make[3]: *** [scripts/mod/sumversion.o] Error 1
make[2]: *** [scripts/mod] Error 2
make[1]: *** [scripts] Error 2
make[1]: Leaving directory `/usr/src/linux-2.6.18'
make: *** [debian/stamp-build-kernel] Error 2

Any ideas?

By: Anonymous

There is an error on version 2.6.33

| COLUMNS=150 dpkg -l 'gcc*' perl dpkg 'libc6*' binutils make dpkg-dev |\
| awk '$1 ~ /[hi]i/ { printf("%s-%s\n", $2, $3) }'> debian/stamp/build/info
| uname -a >> debian/stamp/build/info
| echo using the compiler: >> debian/stamp/build/info
| grep LINUX_COMPILER include/linux/compile.h | \
| sed -e 's/.*LINUX_COMPILER "//' -e 's/"$//' >> debian/stamp/build/info
| grep: include/linux/compile.h: No such file or directory
| echo done > debian/stamp/build/kernel
| fakeroot /usr/bin/make -f ./debian/rules debian/stamp/binary/pre-linux-image-2.6.33-rc1-amd64
| make[1]: Entering directory `/usr/src/linux-2.6.33-rc1'
| ====== making target debian/stamp/install/linux-image-2.6.33-rc1-amd64 [new prereqs: ]======
| This is kernel package version 12.031.
| echo "The UTS Release version in include/linux/version.h"; echo " \"\" "; echo "does not match current version:"; echo " \"2.6.33-rc1-amd64\" "; echo "Please correct this."; exit 2
| The UTS Release version in include/linux/version.h
| ""
| does not match current version:
| "2.6.33-rc1-amd64"
| Please correct this.
| make[1]: *** [debian/stamp/install/linux-image-2.6.33-rc1-amd64] Error 2


The solution


Check this

By: Anonymous

Same here.... btw, did you run the patches? for me it said, patch not found. could that be the problem?

By: Vincent

I used a tip from

"modifying linux-2.6.x/scripts/mod/sumversion.c, and adding #include <limits.h>
fixes this issue"

By: nevelis

Shot, vincent :D that worked for me.

By: Anonymous

thanks for the concurrency tip :) 25% utilization was kinda sad to watch :D


(worked fine for me)

By: Morten

Good summary on how to compile the kernel on ubuntu.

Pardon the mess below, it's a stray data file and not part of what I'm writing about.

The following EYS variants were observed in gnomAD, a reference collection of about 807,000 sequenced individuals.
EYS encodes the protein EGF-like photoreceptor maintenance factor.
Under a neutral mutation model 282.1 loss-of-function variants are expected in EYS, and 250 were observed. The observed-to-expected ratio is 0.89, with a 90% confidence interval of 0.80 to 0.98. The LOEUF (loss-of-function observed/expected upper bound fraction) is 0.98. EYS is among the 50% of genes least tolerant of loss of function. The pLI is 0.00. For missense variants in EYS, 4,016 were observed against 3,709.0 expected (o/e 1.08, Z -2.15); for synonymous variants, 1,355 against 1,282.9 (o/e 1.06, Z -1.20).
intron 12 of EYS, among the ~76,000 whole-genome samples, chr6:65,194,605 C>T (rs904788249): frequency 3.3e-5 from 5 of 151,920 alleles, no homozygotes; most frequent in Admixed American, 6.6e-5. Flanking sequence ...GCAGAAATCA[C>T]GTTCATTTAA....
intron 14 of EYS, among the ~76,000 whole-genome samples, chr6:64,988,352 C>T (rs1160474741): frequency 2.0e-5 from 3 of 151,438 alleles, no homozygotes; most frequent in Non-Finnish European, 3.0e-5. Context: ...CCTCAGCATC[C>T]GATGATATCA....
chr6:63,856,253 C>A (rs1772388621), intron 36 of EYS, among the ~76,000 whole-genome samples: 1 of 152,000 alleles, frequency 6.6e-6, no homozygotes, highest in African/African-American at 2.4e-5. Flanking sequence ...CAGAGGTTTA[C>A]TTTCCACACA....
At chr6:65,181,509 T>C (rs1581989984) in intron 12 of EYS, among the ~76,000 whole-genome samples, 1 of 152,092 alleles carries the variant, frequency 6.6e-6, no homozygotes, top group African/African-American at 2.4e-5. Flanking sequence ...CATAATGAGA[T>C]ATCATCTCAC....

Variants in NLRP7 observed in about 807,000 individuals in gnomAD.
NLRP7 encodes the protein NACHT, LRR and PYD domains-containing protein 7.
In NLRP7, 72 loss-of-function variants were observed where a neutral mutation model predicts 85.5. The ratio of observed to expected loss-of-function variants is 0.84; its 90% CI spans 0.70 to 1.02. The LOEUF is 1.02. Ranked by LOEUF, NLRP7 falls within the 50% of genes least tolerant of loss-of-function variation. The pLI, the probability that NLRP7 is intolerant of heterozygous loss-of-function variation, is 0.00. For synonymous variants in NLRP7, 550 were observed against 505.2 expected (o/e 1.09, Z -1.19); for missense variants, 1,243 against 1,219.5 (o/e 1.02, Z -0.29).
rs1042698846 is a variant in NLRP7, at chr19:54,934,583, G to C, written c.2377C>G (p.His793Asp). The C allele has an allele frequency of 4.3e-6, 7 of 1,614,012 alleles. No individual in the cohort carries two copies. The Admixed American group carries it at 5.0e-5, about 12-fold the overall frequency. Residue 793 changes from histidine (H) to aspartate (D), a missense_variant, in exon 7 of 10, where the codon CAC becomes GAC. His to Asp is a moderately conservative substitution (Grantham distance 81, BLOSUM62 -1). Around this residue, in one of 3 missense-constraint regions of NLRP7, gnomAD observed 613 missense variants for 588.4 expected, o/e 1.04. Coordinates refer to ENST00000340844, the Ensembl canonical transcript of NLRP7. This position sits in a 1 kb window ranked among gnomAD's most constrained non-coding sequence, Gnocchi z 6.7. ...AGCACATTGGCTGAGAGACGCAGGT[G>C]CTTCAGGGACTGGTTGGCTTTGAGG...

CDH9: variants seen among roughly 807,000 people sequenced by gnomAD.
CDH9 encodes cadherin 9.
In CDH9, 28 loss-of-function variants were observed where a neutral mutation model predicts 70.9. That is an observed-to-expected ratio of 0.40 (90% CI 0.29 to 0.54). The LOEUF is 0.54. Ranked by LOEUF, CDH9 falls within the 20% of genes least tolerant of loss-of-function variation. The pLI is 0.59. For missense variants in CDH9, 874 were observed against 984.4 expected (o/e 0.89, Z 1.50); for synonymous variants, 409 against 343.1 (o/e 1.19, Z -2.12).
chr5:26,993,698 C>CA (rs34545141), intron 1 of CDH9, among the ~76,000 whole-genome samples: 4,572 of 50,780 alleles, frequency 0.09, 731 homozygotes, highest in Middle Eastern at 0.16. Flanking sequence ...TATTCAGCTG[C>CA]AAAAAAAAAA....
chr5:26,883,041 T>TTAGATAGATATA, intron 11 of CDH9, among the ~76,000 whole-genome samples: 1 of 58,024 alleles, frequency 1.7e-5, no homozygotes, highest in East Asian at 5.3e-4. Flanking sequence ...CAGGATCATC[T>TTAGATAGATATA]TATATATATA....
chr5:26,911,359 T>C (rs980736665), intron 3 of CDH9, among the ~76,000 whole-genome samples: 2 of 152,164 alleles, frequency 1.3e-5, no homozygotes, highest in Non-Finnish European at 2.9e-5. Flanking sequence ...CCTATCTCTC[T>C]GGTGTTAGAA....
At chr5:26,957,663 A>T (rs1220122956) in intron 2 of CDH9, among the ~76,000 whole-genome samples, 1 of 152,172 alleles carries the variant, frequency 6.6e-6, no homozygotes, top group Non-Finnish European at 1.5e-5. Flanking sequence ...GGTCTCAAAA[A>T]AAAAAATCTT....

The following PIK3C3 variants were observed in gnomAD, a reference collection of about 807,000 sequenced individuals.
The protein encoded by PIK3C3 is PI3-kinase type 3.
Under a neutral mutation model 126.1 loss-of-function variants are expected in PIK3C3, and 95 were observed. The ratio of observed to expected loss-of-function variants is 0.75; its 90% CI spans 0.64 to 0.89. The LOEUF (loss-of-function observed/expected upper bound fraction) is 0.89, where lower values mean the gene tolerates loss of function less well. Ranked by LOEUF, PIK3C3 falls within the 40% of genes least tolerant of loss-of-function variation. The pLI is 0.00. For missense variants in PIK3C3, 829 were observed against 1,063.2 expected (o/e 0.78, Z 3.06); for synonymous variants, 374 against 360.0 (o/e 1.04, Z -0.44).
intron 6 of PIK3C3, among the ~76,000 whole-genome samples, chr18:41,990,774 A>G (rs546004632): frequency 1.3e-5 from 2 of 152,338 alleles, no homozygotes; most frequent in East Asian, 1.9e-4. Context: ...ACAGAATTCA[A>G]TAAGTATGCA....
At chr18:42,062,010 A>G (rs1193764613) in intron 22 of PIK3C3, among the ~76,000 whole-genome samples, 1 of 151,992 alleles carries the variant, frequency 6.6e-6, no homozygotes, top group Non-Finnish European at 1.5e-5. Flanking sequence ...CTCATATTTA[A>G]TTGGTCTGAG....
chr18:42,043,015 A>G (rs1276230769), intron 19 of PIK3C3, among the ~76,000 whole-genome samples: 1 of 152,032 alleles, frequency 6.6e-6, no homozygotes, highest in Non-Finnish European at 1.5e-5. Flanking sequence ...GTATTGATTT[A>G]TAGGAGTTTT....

I sometimes try out the latest test kernel from, and after coping the systems current config file to .config I run

make oldconfig

That way I will be allowed to act on all new features of the newer kernel, something that is hidden to me when I run make menuconfig. After make oldconfig I can run make menuconfig as you describe.

By: KevinG

Its worked for me. Thank YOU

By: Anonymous

Hello, I'm almost new in Linux, but with the new kernel 2.6.35 available for my Ubuntu distro the old OSS is unchecked, and I need it for other applications. So, I must recompile a kernel with OSS API. I got the last kernel tarball downloaded (2.6.36). Following this HOWTO, I got this output when executing make-kpkg clean:

[email protected]:/usr/src/linux# make-kpkg clean
exec make kpkg_version=12.033 -f /usr/share/kernel-package/ruleset/ clean
====== making target minimal_clean [new prereqs: ]======
This is kernel package version 12.033.
test ! -f .config || cp -pf .config config.precious
test ! -e stamp-building || rm -f stamp-building
test ! -f Makefile || \
            make    ARCH=i386 distclean
make[1]: Entering directory `/usr/src/linux-headers-2.6.35-22-generic'
/usr/src/linux-headers-2.6.35-22-generic/ubuntu/aufs/Makefile:3: ubuntu/aufs/ No such file or directory
make[3]: *** No rule to make target `ubuntu/aufs/'.  Stop.
make[2]: *** [ubuntu/aufs] Error 2
make[1]: *** [_clean_ubuntu] Error 2
make[1]: Leaving directory `/usr/src/linux-headers-2.6.35-22-generic'
make: *** [minimal_clean] Error 2

Why make is always returning to folder of, when I'm already  running another kernel downloaded from somewhere else? And while executing from "linux" directory? Any idea? Would be most thankful for it.

P.S. I'm having same problems when trying to compile something else...

By: tomba

you should add info about initial ram disks (update-initramfs -c -k 'custname')

because this procedure doesn't create it by it self o.O

By: sid

For example assume that I have installed 3.10.9 custom kernel now i would like to apply few patches and like to change it to 3.10.10.

How to achieve it ?